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Aurora's life is tied to the East and her ailing mother. Duncan's fame and fortune lies in Hollywood.

Can East and West find common ground.


Excerpt from Mirror Image

by Shirley Hailstock



The cameras panned across the row of guests. Aurora Alexander sat with her back so straight it hurt. Not even the plush purple chair offered her relaxation. Her legs were crossed, her red dress short and showing long legs to both the studio and television audiences. The image was all there and she'd played it to the hilt. Her smile could have been painted on by a 16th Century Italian art master and not the makeup artists in the back room. Aurora had perfected her smile, flashing it often when she got that question. Her hair, styled by a team of studio beauticians, enhanced her natural beauty to match those of the show's host.



"Humph," Emma Dawson, the show's hair and makeup wizard, said when Aurora was introduced to her. "I expected to have you in my chair for at least a couple of hours." The stout woman with her hair pulled back in a ponytail and her makeup looking as flawless as if she'd awakened with a perfect face, inspected her. She stepped forward taking Aurora's chin and scrutinized her from every angle. "If it wasn't for those lights out there, you could go out like you are and no one would know the difference." Emma moved back, placing her hands on her barber's chair. "Take a seat."

Aurora didn't know if she should take it as a compliment or an insult. But Emma's face showed no malice and her personality was friendly. Aurora took it as a compliment. Good thing, too. If she'd known the insults in store for her once she stepped onto the stage, she wouldn't be able to site still and wait for the cameras to finish rolling.

Marilyn Monroe, Elvis, Beyonce, First Lady Michelle Obama, Michael Jordan, Chris Rock, and talk show hostess Marsha Chambers smiled and made comments to each other while the audience, prompted by the large, illuminated sign directing them, applauded. The look-alikes sat on the stage and waited for the camera lights and the applause sign to go off, indicating the television credits had finished their sequence.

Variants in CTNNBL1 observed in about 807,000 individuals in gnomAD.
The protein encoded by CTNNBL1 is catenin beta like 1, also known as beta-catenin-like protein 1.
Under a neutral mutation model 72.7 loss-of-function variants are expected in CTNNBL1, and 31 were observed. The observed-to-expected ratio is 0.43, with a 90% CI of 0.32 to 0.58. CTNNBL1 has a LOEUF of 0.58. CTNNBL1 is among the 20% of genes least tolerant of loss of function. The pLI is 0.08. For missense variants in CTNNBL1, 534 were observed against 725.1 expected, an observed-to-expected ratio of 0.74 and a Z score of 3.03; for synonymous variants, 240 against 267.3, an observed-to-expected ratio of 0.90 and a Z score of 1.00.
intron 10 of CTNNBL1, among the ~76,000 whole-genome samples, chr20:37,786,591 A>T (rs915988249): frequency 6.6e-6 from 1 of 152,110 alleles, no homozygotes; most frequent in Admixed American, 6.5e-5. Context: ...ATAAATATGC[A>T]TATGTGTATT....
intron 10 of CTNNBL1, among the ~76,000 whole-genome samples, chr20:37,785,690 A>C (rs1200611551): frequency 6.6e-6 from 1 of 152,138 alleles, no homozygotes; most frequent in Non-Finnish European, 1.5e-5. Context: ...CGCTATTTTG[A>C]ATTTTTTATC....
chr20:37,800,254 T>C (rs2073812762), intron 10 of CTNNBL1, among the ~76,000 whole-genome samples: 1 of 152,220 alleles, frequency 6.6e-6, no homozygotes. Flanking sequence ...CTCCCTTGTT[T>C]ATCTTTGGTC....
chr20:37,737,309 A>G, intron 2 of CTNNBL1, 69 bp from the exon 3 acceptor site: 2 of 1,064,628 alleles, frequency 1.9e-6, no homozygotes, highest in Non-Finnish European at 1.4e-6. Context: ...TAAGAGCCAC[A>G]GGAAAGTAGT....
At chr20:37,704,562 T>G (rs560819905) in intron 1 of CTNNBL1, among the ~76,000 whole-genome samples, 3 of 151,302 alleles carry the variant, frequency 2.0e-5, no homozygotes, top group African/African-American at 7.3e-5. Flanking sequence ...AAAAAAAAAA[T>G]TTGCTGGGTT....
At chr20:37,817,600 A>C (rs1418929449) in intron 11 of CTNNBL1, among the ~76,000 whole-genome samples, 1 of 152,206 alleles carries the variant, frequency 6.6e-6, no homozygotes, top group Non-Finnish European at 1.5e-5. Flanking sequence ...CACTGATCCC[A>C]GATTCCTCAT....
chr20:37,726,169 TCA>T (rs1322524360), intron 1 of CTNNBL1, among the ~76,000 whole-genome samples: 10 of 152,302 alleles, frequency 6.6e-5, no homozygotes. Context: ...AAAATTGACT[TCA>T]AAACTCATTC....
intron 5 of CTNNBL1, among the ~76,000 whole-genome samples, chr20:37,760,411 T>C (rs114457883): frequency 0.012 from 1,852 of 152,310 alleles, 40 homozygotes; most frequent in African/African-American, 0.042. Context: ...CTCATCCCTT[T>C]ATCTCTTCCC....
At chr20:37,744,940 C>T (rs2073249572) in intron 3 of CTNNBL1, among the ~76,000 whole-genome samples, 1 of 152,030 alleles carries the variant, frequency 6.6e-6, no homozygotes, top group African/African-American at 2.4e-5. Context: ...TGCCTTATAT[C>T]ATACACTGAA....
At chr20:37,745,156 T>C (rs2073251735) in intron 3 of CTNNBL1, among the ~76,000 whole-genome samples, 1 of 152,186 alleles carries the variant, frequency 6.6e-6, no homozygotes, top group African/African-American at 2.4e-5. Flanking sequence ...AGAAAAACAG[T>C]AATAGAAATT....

Aurora, the Marsha Chambers look-alike, was the first to stand when the red light on the last camera blinked off. She didn't mill around like the others-smiling and making polite conversation with the other guests and the real Marsha Chambers. She needed to get away from this crowd or she was likely to tell Marsha Chambers what she really thought of her and her show. She headed for the Green Room, her heels clicking on first the hardwood flooring, then the concrete backstage before she reached the carpeted hallway.

Her gait was quick as she stepped over electrical cables. This was the last talk show she was ever going to do, she vowed. No matter how much they paid her, she'd never be humiliated like this again.

"Just what prompted you to have yourself surgically altered to look like me?" Marsha Chambers had asked her -- on camera. Aurora could hear the underlying negative tone in the question, but the audience missed it entirely. They loved this woman.

Aurora was not a duplicate. Trained as a social worker, she had talked to women in trouble. She'd learned to read people, read their body language, hear the questions that weren't verbalized, and look for the underlying reason behind the words. Whatever the rea¬sons for Marsha Chambers' comments, Aurora didn't care. It was obvious the woman hated her on sight.

Surgically altered! she thought again, anger making her body hot with every step. She probably thought Aurora had had her teeth fixed, too. If she'd had herself changed, and she hadn't, it would be so she didn't look like Marsha Chambers. Ever since The Marsha Chambers Show aired Aurora hadn't had an identity to call her own. No matter where she went people mistook her for Marsha Chambers, crowding around her, asking for autographs. Even when she explained, plastered smile in tow, that she wasn't Marsha, people didn't believe her. They thought she was trying to remain anonymous, like the most celebrated talk show host in the country could. But Aurora was telling the truth. At times it got so bad she had to sign the autographs in an effort to get away. But she discovered that signing made it worse. More and more people came, forming a crowd. At one place she caused a near riot. Had it not been for her friend, Nicole, Aurora wouldn't have escaped.

In the maze of unfamiliar hallways Aurora found the Green Room and snatched her purse and raincoat. Not bothering to put the coat on or remove the pound of makeup she wore, she headed for the exit. Getting away from Marsha Chambers was uppermost in her mind. She stepped over cables and around props as she rushed toward the outside. She needed to breathe fresh air. She'd been playing this look-alike role for three years, making personal appearances, usually at parties or on local programs, sometimes doing photo sessions for tourists, but it was getting old. She wanted to be herself.

The income was good. It was the only reason she exploited herself by playing Marsha Chambers double. It paid the expenses for the long-term care facility where her mother resided. Aurora would have to find another way to support herself and her mother now. She'd get a job, two jobs. She'd work night and day if she had to, but she wouldn't do this again.

"Can I help you, Ms. Chambers?" She heard the question as she passed a young woman. Aurora stopped but didn't turn around. She took a deep breath and relaxed her shoulders, damping down her anger. When she faced the smiling woman she was in control.